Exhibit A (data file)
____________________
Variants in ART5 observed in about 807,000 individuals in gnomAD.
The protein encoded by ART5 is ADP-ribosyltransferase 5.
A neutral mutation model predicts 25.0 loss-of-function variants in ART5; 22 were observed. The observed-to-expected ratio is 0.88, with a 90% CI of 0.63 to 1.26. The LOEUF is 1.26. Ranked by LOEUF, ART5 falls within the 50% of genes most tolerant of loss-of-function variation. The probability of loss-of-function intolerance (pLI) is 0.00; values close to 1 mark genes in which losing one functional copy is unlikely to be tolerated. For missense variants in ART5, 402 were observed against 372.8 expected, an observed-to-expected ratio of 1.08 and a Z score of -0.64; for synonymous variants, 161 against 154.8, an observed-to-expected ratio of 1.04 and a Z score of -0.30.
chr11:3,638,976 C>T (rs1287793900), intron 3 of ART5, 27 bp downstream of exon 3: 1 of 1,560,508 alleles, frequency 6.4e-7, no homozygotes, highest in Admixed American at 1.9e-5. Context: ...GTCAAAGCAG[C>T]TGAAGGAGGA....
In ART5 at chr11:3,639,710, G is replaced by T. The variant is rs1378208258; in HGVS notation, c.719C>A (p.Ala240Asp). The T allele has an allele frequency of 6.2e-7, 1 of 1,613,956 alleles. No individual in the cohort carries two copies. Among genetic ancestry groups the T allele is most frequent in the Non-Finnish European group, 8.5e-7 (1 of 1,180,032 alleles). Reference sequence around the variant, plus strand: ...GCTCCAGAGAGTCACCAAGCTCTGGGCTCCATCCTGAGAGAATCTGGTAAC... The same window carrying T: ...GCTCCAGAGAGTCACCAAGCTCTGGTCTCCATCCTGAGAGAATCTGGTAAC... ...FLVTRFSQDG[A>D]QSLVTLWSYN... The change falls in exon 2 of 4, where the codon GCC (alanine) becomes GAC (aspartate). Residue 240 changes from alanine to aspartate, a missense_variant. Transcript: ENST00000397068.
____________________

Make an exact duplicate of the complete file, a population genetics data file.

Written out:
Variants in ART5 observed in about 807,000 individuals in gnomAD.
The protein encoded by ART5 is ADP-ribosyltransferase 5.
A neutral mutation model predicts 25.0 loss-of-function variants in ART5; 22 were observed. The observed-to-expected ratio is 0.88, with a 90% CI of 0.63 to 1.26. The LOEUF is 1.26. Ranked by LOEUF, ART5 falls within the 50% of genes most tolerant of loss-of-function variation. The probability of loss-of-function intolerance (pLI) is 0.00; values close to 1 mark genes in which losing one functional copy is unlikely to be tolerated. For missense variants in ART5, 402 were observed against 372.8 expected, an observed-to-expected ratio of 1.08 and a Z score of -0.64; for synonymous variants, 161 against 154.8, an observed-to-expected ratio of 1.04 and a Z score of -0.30.
chr11:3,638,976 C>T (rs1287793900), intron 3 of ART5, 27 bp downstream of exon 3: 1 of 1,560,508 alleles, frequency 6.4e-7, no homozygotes, highest in Admixed American at 1.9e-5. Context: ...GTCAAAGCAG[C>T]TGAAGGAGGA....
In ART5 at chr11:3,639,710, G is replaced by T. The variant is rs1378208258; in HGVS notation, c.719C>A (p.Ala240Asp). The T allele has an allele frequency of 6.2e-7, 1 of 1,613,956 alleles. No individual in the cohort carries two copies. Among genetic ancestry groups the T allele is most frequent in the Non-Finnish European group, 8.5e-7 (1 of 1,180,032 alleles). Reference sequence around the variant, plus strand: ...GCTCCAGAGAGTCACCAAGCTCTGGGCTCCATCCTGAGAGAATCTGGTAAC... The same window carrying T: ...GCTCCAGAGAGTCACCAAGCTCTGGTCTCCATCCTGAGAGAATCTGGTAAC... ...FLVTRFSQDG[A>D]QSLVTLWSYN... The change falls in exon 2 of 4, where the codon GCC (alanine) becomes GAC (aspartate). Residue 240 changes from alanine to aspartate, a missense_variant. Transcript: ENST00000397068.